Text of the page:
Greenhouse Gas Emissions from transportation in Europe increased in 2018 and 2019, according to the European Environment Agency, and road transport was responsible for almost three-quarters of those emissions. In its ‘Sustainable and Smart Mobility Strategy’, the European Commission aims to shift traffic from road to rail and double its high-speed passenger rail traffic across Europe by 2030 and double rail freight by 2050.

Figure 2 – European Transportation Greenhouse Emissions

The European Commission Directive seeks to introduce a higher target for reducing primary (39 percent) and final (36 percent) energy consumption by 2030.  This is binding at EU level and is in line with the Climate Target Plan. At a national level, the directive introduces a benchmarking system for the European Union Member States to set their national indicative contributions to the binding EU target.

National Policy Level:

To obtain a 1.5°C pathway involves a significant effort and change for the greenhouse emission (GHG) reduction to be realised. Here is a snapshot of what is understood to be some of the activities to be going on across key regions of Europe. In Ireland, the government published a Climate Action and Low Carbon Development (Amendment) Bill 2021. This is set to put Ireland on the road to net zero emissions by the year 2050. The Climate Bill makes the Irish government legally accountable for this target.  Objective of countries, such as Romania, have set to guarantee an efficient operation of their national energy system with plan to meet the goals set by the EU in terms of GHG emissions through the “Climate changes — renewable energies” legislative package. In Italy, the present government has established energy and climate at the center of its political agenda. The Italian national energy plans have set ambitious targets for renewables by 2030, aiming for it to reach around 30 per cent of the total energy consumption. The Italian policy is heavily focus on renewables. In Spain, the Spanish framework for energy and climate is based on the 2050 objectives of national climate-neutrality, with 100 per cent renewable energy in the electricity mix and 97 per cent renewable energy in the total energy mix. The focus for Spain is to develop renewable energy (i.e., solar and wind), energy efficiency, electrification as well as renewable hydrogen. In Germany in 2019, we saw for the first time renewable energies, actually produced more electricity than coal-fired power plants. This is most encouraging. Initiatives that would contribute to a positive impact on Mother Nature can only be good for the long term sustainability of planet earth and its inhabitants. Obstacles are steadfast and some will be difficult to overcome but nevertheless fresh initiatives are to be encouraged across each EU member state jurisdiction and the UK. We need to see more fresh initiatives having impact, but with necessary change there can be a cost. This in the short-term can be hard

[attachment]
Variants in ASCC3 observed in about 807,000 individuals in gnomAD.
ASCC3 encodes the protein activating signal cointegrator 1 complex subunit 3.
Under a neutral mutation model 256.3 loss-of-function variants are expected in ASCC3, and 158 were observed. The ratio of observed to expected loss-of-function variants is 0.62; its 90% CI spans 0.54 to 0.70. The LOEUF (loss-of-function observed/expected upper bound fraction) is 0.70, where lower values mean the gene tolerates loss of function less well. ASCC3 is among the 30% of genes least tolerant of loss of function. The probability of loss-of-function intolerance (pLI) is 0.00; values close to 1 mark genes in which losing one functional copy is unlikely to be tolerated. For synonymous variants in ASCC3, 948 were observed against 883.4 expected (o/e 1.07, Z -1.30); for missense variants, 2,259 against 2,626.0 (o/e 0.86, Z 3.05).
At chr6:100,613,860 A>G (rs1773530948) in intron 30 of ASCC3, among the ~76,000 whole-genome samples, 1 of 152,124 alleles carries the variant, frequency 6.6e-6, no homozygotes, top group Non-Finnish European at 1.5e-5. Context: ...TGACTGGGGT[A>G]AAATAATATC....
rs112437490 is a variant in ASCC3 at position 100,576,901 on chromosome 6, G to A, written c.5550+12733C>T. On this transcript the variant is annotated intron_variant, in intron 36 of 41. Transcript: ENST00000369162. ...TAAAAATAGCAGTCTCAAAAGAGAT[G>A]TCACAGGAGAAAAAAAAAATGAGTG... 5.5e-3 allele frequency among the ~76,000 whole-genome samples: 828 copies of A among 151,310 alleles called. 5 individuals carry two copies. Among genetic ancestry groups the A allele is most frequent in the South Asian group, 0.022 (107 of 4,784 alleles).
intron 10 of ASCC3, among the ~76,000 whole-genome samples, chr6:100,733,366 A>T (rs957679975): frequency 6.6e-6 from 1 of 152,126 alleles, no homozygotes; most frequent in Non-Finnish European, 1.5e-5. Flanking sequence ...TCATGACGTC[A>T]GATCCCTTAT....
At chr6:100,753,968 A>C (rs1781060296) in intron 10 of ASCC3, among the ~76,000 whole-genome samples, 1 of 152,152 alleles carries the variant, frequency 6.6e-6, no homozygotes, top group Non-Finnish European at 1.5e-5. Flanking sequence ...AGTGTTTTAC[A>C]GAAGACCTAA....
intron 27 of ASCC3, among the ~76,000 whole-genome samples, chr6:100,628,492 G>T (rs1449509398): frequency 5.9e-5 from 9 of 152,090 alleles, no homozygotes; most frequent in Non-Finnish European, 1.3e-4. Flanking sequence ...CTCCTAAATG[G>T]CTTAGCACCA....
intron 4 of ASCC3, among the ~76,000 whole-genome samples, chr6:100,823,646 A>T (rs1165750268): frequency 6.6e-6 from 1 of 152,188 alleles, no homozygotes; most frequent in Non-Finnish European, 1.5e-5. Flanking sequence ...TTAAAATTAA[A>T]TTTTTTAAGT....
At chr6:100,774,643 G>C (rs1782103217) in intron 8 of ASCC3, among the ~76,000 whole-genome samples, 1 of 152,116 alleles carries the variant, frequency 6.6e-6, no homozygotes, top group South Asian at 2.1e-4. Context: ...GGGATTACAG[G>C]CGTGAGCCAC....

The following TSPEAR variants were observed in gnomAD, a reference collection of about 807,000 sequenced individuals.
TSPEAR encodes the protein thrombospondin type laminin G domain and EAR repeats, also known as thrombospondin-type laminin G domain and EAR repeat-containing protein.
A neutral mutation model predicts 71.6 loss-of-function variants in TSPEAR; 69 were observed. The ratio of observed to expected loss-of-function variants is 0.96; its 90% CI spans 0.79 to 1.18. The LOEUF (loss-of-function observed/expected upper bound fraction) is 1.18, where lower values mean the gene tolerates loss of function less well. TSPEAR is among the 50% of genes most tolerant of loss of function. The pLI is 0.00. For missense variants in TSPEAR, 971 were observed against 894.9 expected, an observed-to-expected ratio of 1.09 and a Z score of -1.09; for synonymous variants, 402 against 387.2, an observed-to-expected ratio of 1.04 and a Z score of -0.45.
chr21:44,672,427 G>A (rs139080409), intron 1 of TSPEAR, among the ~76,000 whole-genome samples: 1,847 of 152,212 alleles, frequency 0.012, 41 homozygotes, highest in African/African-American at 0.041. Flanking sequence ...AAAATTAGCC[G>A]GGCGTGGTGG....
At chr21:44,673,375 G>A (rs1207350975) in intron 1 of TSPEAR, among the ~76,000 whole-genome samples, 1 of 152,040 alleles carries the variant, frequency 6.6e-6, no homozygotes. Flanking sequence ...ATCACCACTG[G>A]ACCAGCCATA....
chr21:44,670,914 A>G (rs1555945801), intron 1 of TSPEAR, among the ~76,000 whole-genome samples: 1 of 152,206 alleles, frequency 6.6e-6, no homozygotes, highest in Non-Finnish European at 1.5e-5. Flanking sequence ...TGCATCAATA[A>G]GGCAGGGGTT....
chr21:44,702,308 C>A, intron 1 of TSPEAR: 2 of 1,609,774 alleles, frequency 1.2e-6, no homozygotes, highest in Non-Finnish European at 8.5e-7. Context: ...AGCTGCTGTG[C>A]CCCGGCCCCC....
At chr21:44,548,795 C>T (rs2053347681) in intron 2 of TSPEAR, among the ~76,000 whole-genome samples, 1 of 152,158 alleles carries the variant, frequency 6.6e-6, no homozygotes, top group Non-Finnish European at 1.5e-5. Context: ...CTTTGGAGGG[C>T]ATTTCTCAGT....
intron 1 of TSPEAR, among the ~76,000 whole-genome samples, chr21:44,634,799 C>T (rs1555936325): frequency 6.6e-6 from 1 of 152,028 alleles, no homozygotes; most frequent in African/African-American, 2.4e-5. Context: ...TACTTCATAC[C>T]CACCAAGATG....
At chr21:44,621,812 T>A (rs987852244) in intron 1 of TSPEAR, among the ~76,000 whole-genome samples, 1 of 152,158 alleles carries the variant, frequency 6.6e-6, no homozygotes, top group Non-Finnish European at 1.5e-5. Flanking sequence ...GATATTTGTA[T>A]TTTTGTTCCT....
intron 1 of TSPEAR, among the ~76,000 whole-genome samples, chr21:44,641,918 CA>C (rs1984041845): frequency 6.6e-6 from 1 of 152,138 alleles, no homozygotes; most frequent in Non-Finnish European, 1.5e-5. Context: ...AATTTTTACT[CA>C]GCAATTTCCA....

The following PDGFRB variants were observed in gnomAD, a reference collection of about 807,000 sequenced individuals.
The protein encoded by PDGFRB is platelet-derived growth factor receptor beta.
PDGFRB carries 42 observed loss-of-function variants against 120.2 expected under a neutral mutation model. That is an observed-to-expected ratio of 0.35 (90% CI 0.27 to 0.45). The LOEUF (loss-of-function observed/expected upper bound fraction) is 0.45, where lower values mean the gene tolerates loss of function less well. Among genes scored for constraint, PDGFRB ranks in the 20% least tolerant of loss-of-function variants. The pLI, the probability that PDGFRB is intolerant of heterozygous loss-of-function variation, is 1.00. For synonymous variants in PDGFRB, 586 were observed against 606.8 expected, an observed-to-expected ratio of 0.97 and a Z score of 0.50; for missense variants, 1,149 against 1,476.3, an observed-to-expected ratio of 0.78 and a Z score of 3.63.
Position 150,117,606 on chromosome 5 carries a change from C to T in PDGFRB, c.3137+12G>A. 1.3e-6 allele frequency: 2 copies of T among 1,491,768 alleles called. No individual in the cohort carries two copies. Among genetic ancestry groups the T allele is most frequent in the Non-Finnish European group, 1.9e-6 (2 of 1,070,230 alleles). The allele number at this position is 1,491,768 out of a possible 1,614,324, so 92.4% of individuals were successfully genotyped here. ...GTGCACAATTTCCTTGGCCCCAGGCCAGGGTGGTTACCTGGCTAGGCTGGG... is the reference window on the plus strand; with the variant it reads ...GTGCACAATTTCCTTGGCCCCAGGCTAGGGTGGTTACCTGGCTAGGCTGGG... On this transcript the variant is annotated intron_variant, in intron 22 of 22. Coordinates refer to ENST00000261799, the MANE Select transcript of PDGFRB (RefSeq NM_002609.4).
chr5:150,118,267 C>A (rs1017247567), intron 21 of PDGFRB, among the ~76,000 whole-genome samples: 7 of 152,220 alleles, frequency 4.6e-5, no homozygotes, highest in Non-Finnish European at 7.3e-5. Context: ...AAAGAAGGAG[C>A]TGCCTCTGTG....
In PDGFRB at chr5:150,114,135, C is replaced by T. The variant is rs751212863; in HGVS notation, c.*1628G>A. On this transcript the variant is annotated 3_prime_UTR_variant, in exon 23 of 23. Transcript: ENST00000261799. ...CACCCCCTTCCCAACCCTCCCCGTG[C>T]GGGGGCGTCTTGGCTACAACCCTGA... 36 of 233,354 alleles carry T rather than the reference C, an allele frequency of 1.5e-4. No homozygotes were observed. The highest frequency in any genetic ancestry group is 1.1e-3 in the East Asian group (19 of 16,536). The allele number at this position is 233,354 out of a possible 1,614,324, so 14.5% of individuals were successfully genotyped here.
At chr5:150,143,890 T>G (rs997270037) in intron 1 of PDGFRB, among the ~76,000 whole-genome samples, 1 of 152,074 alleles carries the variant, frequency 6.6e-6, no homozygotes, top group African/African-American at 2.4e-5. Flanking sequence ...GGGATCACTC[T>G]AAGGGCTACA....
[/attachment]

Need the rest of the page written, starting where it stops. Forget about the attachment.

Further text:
What SMEs can do

SMEs play a crucial contributing role to realise climate and energy policy objectives.  Across Europe, industry and services SMEs are encouraged to support the implementation of national climate action changes to reduce Greenhouse Gas emissions, achieving set EU targets and driving technology development to progress low-carbon, clean and energy efficient product development and solutions worldwide. To date, few EU SMEs have undertaken an energy audit and even less have taken action to implement energy-saving measures. Lack of time, knowledge, and finance, coupled with the low priority that SMEs give to energy management are the most commonly cited barriers to effective energy management in SMEs.  Article 8 of the Energy Efficiency Directive (EED) includes a requirement for the EU Member States to develop programmes for small and medium-sized enterprises (SMEs) that encourage them to undertake energy audits and implement the identified energy efficiency measures. It is estimated that SMEs make up over 99 per cent of all businesses and employ over 100 million people. They account for approximately 13 per cent of global final energy consumption.  

A number of European projects, including SMEmPower Efficiency, E2DRIVER, Innoveas and SPEEDIER aim to improve the energy efficiency of European SMEs by helping them to undertake energy audits and implement the recommended energy efficiency measures.  Each of these projects are developing their own capacity-building activities. They are targeting SMEs in a variety of countries across a range of sectors with the aim of demonstrating the effectiveness of the different approaches.  In their joint projects article, 5th January 2021, titled ‘Energy Efficiency Solutions for Small and Medium-Sized Enterprises’, collectively they concluded that energy efficiency is unfortunately not a high priority for SMEs. The current level of energy management within SMEs is low. This is a main reason why most SMEs have not carried out an energy audit. A positive outcome was that 72 per cent of the companies who did conduct an energy audit continued to implement some energy efficiency improvements. The main motivation to implement energy efficiency actions is the reduction of cost, followed by the contribution to fighting climate change. The most common measures implemented are related to technical systems, i.e., lighting, ventilation, heating, cooling, and automation, which are lower risk and have quick payback, avoiding any risks to the production line or product quality. Less favoured measures are those related to the building envelop, along with demand response actions and energy management processes. These are the key findings, based on survey conducted across participating SMEs were from Cyprus, France, Germany, Greece, Ireland, Italy, Poland, Romania, Slovenia, Spain, and the UK, covering different sectors, such as construction, manufacturing, the food industry, services, chemicals and chemical products, hospitality, commercial and trade, heavy industry, education, energy, and the automotive industry.